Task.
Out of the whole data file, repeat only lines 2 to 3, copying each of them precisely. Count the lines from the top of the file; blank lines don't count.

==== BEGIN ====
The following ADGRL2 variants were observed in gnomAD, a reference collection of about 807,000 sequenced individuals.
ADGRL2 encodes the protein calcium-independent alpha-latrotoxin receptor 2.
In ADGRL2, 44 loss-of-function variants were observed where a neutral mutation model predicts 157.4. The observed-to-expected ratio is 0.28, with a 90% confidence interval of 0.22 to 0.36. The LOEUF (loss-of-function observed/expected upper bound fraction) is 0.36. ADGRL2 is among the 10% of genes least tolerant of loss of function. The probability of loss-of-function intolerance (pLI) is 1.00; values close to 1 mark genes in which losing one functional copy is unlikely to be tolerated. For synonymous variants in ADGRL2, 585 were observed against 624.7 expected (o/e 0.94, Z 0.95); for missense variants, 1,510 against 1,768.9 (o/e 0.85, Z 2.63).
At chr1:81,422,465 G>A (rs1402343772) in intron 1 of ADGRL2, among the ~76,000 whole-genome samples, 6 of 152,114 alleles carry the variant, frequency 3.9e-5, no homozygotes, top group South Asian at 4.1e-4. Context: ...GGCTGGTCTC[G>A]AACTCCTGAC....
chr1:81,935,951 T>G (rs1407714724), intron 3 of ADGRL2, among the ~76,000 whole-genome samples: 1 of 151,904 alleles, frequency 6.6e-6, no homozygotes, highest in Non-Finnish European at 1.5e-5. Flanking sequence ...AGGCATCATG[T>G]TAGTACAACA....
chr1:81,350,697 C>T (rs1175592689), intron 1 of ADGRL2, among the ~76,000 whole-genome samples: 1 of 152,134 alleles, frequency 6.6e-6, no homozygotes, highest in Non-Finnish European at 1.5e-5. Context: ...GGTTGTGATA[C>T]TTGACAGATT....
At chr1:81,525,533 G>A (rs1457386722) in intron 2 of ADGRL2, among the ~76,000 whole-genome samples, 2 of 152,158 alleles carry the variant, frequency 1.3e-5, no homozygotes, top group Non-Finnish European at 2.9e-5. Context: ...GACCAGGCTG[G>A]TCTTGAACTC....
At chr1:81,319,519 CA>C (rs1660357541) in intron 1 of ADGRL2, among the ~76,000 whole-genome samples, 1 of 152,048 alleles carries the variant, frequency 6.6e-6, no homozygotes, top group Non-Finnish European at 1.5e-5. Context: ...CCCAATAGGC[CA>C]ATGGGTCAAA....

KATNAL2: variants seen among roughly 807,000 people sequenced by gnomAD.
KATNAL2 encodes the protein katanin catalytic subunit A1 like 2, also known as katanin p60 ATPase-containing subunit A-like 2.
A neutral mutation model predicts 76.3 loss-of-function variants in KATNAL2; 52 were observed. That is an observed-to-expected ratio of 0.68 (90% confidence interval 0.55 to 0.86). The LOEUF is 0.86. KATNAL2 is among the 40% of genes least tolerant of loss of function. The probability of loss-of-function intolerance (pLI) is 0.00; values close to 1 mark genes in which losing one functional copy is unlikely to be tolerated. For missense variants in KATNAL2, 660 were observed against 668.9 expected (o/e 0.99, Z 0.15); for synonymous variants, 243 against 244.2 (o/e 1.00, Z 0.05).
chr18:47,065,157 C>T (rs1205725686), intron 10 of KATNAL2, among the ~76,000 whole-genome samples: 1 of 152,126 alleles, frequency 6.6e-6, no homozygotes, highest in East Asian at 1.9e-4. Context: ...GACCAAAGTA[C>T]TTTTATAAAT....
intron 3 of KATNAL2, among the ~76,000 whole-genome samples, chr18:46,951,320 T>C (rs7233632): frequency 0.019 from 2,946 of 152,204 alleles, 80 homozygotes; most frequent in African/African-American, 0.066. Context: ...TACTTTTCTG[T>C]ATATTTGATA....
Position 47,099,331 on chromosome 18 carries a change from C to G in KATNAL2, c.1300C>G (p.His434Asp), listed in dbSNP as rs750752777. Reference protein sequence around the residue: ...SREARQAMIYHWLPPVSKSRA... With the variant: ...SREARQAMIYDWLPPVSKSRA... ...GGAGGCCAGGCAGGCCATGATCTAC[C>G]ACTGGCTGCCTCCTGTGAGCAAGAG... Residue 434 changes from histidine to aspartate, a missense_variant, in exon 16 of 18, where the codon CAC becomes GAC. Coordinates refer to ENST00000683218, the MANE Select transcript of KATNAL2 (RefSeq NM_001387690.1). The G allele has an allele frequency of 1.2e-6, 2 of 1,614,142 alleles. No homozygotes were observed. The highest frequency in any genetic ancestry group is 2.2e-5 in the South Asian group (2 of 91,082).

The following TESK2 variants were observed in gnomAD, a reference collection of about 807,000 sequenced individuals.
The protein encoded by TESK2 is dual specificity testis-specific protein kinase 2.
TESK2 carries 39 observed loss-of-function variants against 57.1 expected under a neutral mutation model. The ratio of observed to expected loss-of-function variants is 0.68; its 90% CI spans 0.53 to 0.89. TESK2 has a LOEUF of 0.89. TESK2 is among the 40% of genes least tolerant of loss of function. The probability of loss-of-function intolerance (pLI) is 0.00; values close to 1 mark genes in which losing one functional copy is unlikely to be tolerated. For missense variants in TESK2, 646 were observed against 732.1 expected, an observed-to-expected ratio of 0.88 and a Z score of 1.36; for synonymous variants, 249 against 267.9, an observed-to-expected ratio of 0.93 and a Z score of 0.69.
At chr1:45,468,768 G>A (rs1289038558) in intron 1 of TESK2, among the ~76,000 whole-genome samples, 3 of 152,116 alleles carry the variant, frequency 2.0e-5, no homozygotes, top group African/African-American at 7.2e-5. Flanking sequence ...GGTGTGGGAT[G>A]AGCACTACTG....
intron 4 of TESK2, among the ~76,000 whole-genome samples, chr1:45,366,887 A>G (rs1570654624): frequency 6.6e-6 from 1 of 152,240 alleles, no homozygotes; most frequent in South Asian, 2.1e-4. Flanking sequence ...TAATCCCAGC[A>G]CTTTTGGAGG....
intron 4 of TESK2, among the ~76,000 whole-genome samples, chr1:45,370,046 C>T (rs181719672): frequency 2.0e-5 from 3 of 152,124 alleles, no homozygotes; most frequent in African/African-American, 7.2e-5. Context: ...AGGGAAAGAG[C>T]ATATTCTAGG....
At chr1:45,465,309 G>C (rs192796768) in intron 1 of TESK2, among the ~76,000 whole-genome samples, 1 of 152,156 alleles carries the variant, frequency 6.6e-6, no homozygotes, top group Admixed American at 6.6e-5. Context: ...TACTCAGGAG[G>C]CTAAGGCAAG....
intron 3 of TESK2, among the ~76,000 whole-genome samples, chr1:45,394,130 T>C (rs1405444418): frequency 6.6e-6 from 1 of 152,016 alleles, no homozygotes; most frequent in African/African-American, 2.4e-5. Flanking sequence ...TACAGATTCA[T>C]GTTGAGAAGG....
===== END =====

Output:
ADGRL2 encodes the protein calcium-independent alpha-latrotoxin receptor 2.
In ADGRL2, 44 loss-of-function variants were observed where a neutral mutation model predicts 157.4. The observed-to-expected ratio is 0.28, with a 90% confidence interval of 0.22 to 0.36. The LOEUF (loss-of-function observed/expected upper bound fraction) is 0.36. ADGRL2 is among the 10% of genes least tolerant of loss of function. The probability of loss-of-function intolerance (pLI) is 1.00; values close to 1 mark genes in which losing one functional copy is unlikely to be tolerated. For synonymous variants in ADGRL2, 585 were observed against 624.7 expected (o/e 0.94, Z 0.95); for missense variants, 1,510 against 1,768.9 (o/e 0.85, Z 2.63).